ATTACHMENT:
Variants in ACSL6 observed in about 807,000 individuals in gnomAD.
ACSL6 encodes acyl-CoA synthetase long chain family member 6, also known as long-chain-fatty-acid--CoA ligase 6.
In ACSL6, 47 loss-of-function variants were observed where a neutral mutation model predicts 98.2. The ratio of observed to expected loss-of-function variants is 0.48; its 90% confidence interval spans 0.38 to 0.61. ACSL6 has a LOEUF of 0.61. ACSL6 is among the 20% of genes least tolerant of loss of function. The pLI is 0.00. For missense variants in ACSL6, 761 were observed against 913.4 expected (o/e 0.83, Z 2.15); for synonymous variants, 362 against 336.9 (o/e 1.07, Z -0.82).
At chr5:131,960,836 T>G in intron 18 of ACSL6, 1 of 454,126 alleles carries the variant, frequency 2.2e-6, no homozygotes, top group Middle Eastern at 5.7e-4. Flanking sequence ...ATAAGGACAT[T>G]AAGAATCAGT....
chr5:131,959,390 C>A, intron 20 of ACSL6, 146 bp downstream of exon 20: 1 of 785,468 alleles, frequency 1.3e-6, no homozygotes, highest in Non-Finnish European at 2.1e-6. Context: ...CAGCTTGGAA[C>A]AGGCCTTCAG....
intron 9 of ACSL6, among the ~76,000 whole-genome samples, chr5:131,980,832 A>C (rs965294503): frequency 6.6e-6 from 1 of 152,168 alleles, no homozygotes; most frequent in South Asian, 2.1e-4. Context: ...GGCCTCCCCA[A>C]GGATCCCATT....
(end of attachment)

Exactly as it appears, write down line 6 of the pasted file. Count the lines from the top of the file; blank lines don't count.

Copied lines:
intron 9 of ACSL6, among the ~76,000 whole-genome samples, chr5:131,980,832 A>C (rs965294503): frequency 6.6e-6 from 1 of 152,168 alleles, no homozygotes; most frequent in South Asian, 2.1e-4. Context: ...GGCCTCCCCA[A>C]GGATCCCATT....